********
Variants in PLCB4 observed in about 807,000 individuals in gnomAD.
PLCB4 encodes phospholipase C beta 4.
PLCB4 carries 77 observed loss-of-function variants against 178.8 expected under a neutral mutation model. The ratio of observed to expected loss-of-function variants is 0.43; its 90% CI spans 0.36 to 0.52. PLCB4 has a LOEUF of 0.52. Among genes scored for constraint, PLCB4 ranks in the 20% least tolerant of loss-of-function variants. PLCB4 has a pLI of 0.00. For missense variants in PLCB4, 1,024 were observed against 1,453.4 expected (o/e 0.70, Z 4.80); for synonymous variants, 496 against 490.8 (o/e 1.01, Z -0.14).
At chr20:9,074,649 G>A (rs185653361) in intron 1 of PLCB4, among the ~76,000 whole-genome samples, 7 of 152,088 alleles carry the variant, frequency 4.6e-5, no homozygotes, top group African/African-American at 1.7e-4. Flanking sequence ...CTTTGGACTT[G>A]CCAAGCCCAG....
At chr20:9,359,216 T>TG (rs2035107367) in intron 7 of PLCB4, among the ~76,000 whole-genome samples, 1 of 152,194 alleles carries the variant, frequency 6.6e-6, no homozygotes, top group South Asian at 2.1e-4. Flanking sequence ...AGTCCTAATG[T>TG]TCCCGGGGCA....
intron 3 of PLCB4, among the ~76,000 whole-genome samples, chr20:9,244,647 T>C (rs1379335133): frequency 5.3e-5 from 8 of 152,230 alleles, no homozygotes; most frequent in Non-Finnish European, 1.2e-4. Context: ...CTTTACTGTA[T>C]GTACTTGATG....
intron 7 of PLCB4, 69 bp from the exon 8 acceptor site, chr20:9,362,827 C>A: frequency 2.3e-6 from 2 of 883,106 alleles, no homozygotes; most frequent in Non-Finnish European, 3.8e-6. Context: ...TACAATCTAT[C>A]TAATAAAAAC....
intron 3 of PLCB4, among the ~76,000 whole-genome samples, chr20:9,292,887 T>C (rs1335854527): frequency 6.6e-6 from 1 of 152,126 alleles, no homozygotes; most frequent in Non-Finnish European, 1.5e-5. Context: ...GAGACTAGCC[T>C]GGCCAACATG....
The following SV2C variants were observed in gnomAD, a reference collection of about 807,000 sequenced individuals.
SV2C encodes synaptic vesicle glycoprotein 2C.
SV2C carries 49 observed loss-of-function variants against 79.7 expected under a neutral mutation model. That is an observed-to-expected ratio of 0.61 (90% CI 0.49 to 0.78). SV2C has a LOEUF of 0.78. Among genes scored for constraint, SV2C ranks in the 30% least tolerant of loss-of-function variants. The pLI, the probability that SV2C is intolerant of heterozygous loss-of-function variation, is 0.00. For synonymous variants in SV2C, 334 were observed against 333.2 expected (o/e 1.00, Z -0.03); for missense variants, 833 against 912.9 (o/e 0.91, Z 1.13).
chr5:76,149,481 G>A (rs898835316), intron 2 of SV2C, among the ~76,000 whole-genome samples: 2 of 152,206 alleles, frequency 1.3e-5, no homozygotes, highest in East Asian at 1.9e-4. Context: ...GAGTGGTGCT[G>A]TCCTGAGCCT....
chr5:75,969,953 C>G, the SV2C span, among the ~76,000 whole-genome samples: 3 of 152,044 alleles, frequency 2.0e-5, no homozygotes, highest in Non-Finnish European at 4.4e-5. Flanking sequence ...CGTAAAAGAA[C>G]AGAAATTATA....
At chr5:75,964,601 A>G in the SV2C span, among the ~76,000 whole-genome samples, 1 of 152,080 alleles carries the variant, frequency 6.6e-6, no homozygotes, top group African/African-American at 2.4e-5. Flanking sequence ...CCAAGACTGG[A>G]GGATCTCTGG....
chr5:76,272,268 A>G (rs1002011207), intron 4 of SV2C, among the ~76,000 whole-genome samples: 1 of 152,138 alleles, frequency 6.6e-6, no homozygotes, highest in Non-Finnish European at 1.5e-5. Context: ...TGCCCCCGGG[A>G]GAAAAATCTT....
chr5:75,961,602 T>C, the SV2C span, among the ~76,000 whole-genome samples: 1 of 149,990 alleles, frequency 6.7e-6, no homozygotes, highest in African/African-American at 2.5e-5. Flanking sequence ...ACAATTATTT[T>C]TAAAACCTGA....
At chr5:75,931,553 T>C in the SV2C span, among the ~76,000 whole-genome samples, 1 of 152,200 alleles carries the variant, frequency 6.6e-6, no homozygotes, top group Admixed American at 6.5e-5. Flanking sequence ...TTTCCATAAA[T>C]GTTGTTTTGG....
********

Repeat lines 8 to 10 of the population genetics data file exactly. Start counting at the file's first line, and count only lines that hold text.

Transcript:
intron 3 of PLCB4, among the ~76,000 whole-genome samples, chr20:9,292,887 T>C (rs1335854527): frequency 6.6e-6 from 1 of 152,126 alleles, no homozygotes; most frequent in Non-Finnish European, 1.5e-5. Context: ...GAGACTAGCC[T>C]GGCCAACATG....
The following SV2C variants were observed in gnomAD, a reference collection of about 807,000 sequenced individuals.
SV2C encodes synaptic vesicle glycoprotein 2C.